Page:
While many animals are celebrated in cultures as symbols of good tidings and fortune, not all animals are so highly esteemed. There are some animals in Western Culture of which people are consistently wary, especially when these animals make an unexpected appearance. Such animals are considered by some to be bad omens and sometimes even the embodiment of evil. Here are a few animals commonly seen as an evil omen.
Snakes, with their legless bodies and bellies to the ground have long been considered a bad omen and a symbol of evil. Snakes have been getting a bad rap since the story of Adam and Eve. According to the bible, if it wasn’t for the snake encouraging Eve to bite into that forbidden apple, mankind would never have been cast from the Garden of Eden. Snakes have frequently represented evil in literature and folklore. One of the feats of St. Patrick, the patron saint of Ireland was to banish all snakes from the island country, metaphorically driving out evil and bringing about a new age.
Bats with their nighttime flights, favor of dark places and unusual faces have long inspired fear and dark omens. It also probably does not help their reputation that a few species drink blood. European and Western folklore consistently translates the appearance of a bat as a bad omen and they are even seen as being the embodiment of evil. Bats are often thought to be an indicator that a house is haunted or worse. There is an old German myth that if a bat flies into your house, the devil is after you. Many myths from Slovinian, German, and Jewish immigrants suggest that bats in an attic foretell a death in the house. Many other cultures have folklore that a bat doing nothing more than flying over a house can mean death.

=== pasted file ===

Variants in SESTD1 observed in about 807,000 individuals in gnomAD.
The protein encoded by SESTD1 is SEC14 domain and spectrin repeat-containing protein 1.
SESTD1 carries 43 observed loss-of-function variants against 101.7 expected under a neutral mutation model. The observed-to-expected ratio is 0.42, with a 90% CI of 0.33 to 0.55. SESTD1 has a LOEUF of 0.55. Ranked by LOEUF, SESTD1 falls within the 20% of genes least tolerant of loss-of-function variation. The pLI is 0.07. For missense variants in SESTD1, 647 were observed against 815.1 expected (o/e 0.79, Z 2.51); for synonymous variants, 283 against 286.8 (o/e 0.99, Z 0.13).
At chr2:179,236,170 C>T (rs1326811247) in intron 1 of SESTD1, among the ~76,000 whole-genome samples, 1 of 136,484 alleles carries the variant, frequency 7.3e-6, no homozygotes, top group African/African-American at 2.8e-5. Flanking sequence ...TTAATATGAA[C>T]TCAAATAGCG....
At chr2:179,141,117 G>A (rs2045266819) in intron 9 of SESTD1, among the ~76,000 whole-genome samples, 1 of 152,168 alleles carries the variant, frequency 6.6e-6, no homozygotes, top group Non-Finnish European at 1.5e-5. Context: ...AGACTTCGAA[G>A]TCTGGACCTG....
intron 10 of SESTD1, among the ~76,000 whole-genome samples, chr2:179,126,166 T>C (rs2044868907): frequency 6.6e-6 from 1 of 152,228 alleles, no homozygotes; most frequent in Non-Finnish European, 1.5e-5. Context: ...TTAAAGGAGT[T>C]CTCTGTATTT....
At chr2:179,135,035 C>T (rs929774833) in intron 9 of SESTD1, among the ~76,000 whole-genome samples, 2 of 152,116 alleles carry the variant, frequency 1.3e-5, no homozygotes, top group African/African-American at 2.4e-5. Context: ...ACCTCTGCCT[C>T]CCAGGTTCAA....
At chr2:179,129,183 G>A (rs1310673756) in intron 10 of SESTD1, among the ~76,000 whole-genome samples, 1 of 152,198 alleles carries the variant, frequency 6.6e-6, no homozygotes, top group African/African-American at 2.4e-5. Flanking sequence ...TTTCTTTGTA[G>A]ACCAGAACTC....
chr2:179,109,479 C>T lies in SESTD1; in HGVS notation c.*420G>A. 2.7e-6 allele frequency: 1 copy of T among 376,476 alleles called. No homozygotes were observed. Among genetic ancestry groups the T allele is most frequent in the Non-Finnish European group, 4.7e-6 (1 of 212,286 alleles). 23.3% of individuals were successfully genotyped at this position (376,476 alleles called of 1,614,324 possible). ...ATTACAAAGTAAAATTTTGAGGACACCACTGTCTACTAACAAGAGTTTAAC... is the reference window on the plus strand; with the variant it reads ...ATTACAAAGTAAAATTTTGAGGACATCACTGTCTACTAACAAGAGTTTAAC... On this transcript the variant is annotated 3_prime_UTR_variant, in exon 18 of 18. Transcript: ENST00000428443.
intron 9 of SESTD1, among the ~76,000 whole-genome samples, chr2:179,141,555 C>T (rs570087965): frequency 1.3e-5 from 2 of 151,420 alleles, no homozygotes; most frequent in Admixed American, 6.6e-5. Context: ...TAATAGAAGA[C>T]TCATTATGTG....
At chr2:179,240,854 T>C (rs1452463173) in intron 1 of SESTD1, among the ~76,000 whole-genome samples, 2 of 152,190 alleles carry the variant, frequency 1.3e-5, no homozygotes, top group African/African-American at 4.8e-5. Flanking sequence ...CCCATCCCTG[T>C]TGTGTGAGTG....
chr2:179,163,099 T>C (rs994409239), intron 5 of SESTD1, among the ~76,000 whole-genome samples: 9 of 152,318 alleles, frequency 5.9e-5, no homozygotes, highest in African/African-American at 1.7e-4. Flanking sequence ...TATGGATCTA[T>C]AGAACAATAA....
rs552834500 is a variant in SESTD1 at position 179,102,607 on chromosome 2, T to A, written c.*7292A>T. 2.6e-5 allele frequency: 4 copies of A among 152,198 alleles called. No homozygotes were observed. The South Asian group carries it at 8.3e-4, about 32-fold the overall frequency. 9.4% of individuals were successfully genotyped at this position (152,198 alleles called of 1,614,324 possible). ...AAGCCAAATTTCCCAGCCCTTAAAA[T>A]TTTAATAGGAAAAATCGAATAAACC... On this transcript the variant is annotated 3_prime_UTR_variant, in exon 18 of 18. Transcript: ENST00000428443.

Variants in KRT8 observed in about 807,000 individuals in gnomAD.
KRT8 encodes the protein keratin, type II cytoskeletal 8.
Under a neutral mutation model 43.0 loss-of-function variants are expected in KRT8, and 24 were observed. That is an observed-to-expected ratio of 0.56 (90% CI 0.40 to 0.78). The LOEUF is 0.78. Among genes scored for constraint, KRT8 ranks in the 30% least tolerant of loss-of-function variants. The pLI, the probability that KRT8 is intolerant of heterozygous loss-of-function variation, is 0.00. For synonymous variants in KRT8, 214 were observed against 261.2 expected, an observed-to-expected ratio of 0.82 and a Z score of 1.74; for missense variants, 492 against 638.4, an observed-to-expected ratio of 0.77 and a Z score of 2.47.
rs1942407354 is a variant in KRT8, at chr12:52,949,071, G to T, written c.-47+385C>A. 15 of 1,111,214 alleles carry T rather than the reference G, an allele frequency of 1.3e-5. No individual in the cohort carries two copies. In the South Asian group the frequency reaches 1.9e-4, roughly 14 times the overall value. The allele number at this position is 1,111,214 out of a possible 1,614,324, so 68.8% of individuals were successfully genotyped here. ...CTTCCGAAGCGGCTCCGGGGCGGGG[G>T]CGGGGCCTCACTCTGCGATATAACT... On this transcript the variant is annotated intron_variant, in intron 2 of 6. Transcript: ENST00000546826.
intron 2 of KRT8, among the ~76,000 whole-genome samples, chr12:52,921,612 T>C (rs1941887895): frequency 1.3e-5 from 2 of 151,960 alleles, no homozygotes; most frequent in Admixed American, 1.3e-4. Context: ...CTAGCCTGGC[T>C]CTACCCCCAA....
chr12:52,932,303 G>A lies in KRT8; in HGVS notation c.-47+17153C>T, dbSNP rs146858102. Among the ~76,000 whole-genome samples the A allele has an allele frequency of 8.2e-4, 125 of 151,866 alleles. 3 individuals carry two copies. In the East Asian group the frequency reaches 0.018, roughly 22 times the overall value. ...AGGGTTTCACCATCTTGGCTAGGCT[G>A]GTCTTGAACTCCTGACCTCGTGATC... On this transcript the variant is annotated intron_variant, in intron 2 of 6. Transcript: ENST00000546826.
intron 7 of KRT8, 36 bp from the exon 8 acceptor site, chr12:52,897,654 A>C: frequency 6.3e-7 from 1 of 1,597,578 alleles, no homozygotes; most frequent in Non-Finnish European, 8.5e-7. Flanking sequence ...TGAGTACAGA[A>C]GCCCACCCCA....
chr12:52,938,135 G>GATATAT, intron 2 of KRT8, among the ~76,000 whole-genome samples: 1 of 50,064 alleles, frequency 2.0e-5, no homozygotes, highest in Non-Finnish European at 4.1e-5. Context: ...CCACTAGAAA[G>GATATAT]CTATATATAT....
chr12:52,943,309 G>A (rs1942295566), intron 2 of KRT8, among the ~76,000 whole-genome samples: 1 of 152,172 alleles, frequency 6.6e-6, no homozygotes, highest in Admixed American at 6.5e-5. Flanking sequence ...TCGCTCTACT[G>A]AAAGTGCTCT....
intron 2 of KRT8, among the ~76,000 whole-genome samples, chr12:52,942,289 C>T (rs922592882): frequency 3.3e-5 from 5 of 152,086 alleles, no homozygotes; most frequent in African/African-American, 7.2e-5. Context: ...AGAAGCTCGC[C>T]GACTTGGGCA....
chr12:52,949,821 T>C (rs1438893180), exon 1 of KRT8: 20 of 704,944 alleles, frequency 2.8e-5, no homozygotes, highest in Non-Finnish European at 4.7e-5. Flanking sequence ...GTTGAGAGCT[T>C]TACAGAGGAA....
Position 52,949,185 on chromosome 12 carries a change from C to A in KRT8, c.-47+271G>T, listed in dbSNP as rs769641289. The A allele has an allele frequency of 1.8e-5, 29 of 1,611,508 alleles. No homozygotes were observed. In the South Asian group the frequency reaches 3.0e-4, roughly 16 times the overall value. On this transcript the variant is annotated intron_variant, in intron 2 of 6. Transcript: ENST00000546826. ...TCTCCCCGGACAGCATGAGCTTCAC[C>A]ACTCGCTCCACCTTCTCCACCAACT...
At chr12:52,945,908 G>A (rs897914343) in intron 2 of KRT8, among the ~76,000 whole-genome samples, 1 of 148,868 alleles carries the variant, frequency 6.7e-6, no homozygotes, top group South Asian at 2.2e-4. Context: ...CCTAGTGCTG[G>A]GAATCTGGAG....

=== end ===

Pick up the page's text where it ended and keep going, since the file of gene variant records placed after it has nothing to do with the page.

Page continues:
Black cats with their sleek coats, blazing eyes and ability to nearly disappear in the darkness have long been seen as bringers of bad tidings. Worldwide black cats are considered bad omens. In the United States, some still believe that a black cat crossing your path is bad luck. Black cats were also seen as witches’ familiars, companions that assisted with evil doings. Animal shelters often refuse to adopt out black cats during Halloween because of this folklore and the fear that the cats might be used in some sort of ritual sacrifice. Fortunately researchers do not believe that this fear is well-founded. Black cats, however, still hold a place on the list of bad omens.
With their nighttime habits and predatory behavior, owls have instilled fear in many cultures and a great many myths surround them, proclaiming them bad omens. In particular, the barn owl which flies with total silence is considered a bad omen in Europe and the United States. During the eighteenth and nineteenth centuries, the poets such as William Wordsworth used owls in their writing as a symbol of doom. In William Shakespeare’s Julius Caesar, owls foretell the murder of Caesar. In the folklore of many cultures, the screech of an owl is considered to be a harbinger of death. Misunderstood animals such as owls are often considered signs of bad things to come.
In Animal Underworld: Beast Worship, Henry Rollins investigates the ways humans connect animals to the supernatural and finds out firsthand how some cultures connect not only with animals considered symbols of good, but also with animals that are considered dangerous and evil.
Tune in to the three-part series Animal Underworld Monday, May 28th starting at 8P et/pt.